Power Query Replaces XLOOKUP: Excel Data Merging Made Simple

Bottom Line: Learn how Power Query can be used to merge Excel tables.

Skill Level: Beginner

Historically, VLOOKUP and its successor XLOOKUP have been the go-to functions for Excel users to retrieve data based on a key.

However, these functions come with limitations, such as one-dimensional searches and potential errors with non-exact matches. So, what is the alternative? Enter Power Query!

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Power Query vs Traditional Lookup Formulas

Power Query, a robust tool integrated into Excel, offers a transformative approach to data manipulation.

Instead of relying on conventional lookup functions, Power Query provides a more dynamic and versatile way to merge tables, transform data, and perform intricate tasks with ease.

Leveraging Power Query for Efficient Data Retrieval

Setting the Stage: Preparing Your Data

Before diving into Power Query, make sure your data is structured correctly. Consistency in column formats, clear headers, and distinct identifiers are crucial for accurate results.

A Step-by-Step Guide to Power Query's Merge Feature

1. Accessing Power Query: Navigate to the ‘Data' tab on the Excel ribbon and select ‘From Table or Range'.

A screenshot of the From Table/Range button in Microsoft Excel's Power Query

2. Configuring the Merge: Choose the primary table and column (e.g., ‘rep ID') you wish to match. Subsequently, select the secondary table and its corresponding identifier column.

3. Finalizing the Merge: Adjust any additional settings as required and confirm the merge operation.

Expanding and Finalizing the Data

Once the merge operation is complete, use the ‘Expand' option to select columns from the secondary table.

This action ensures only relevant data is incorporated into your primary dataset. The merged data is now ready for analysis or further processing.

Enhancing Your Excel Experience with Shortcuts

Keyboard Shortcuts

Shortcuts are not just about speeding up tasks; they also enhance precision and reduce the risk of errors. Familiarizing yourself with keyboard shortcuts can save considerable time and effort, transforming your Excel experience.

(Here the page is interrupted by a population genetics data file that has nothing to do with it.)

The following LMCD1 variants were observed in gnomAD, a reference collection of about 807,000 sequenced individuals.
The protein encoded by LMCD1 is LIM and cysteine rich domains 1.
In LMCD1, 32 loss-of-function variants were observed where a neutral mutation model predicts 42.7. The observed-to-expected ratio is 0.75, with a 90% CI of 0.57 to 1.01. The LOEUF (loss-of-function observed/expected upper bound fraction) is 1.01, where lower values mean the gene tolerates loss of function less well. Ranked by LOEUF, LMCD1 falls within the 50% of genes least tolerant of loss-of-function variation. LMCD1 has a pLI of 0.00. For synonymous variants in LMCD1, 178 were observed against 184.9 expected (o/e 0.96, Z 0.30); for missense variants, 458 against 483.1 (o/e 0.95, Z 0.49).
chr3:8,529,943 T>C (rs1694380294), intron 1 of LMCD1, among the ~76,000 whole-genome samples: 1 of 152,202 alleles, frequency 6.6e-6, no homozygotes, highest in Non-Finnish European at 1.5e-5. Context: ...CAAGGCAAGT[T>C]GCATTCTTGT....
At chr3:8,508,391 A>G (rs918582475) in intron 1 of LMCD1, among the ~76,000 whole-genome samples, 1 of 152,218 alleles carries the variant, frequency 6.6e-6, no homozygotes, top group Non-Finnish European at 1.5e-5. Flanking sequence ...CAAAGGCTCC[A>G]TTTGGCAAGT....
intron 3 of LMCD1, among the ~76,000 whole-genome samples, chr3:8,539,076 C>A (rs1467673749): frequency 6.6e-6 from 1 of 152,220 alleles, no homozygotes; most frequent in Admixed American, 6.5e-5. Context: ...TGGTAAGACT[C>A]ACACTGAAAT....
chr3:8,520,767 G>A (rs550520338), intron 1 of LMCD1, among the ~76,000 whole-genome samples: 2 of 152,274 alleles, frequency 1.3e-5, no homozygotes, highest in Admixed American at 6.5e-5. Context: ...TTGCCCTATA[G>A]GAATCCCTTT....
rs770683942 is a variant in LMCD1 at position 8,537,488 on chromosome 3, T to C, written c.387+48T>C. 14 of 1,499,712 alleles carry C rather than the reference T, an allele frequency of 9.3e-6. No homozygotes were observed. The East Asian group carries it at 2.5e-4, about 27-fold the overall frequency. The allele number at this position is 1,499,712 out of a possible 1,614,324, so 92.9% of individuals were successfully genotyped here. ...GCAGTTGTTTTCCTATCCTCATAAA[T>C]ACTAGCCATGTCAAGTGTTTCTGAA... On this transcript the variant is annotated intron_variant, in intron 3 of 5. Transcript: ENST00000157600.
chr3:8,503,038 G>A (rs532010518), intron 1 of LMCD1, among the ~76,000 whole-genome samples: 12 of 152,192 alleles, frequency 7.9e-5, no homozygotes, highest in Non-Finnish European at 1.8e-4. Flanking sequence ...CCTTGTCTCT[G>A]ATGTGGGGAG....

Check out our 15 Power Query Shortcuts guide here.

The Art of Efficiency

Practice makes perfect. Dedicate time to learn and internalize essential Excel shortcuts. From simple navigation commands to complex data manipulation actions, each shortcut contributes to a seamless and efficient workflow.

Full Tutorial and Resources

If you're excited about Power Query and want to learn more, we have a full tutorial on 5 ways Power Query can replace other Excel functions and help automate routine tasks.


By embracing the capabilities of tools like Power Query and harnessing the efficiency of Excel shortcuts, you can elevate your proficiency and achieve remarkable results.

Will you be using Power Query instead of XLOOKUP? Let us know in the comments below.


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  • Both of these methods are fantastic solutions, but it depends on how much you are trying to merge.

    If there is only one column or so to merge, XLookup is awesome. But, PQ is better for merging multiple columns from a table, especially if it is the entire table. As well, if you want to keep the original table in place, without a new merged query table, I argue that XLookup is simpler and better in that case.

  • I love them both but they serve different purposes.

    Power Qiery does merges.
    Xlookup finds a {one) related record

  • I agree with the masses (“2” is plural, right?): use the proper tool for the job.

    For lookups that the function/s was/were designed for, even a column of 20,000, the functions are the proper tool. Using PQ would be like getting out your boar spear and elephant gun to hunt down the pork chops in your fridge. NOT that overpowering something bothers me (Tim the Toolman Taylor devotee here) but the required interactivity vs. “set it and forget it” or the shoehorning the results into a Table not fully part of the operation, just using a column or two to hold results out of maybe 10-20 total columns and then having to refresh again and again… that’s not suitable to a simple lookup, even 20,000+ of them at a go.

    On the other hand, rather than try to find a part of a spoon that will turn this screw or pound in that nail, for actual merging work, say, PQ is the proper tool and the lookup functions are nightmares (often).

    Proper tool for the job. Even an adjustable wrench is not the right tool if you have available the right size wrench. Excel is absolutely like that and PQ is a great thing, but not a panacea.

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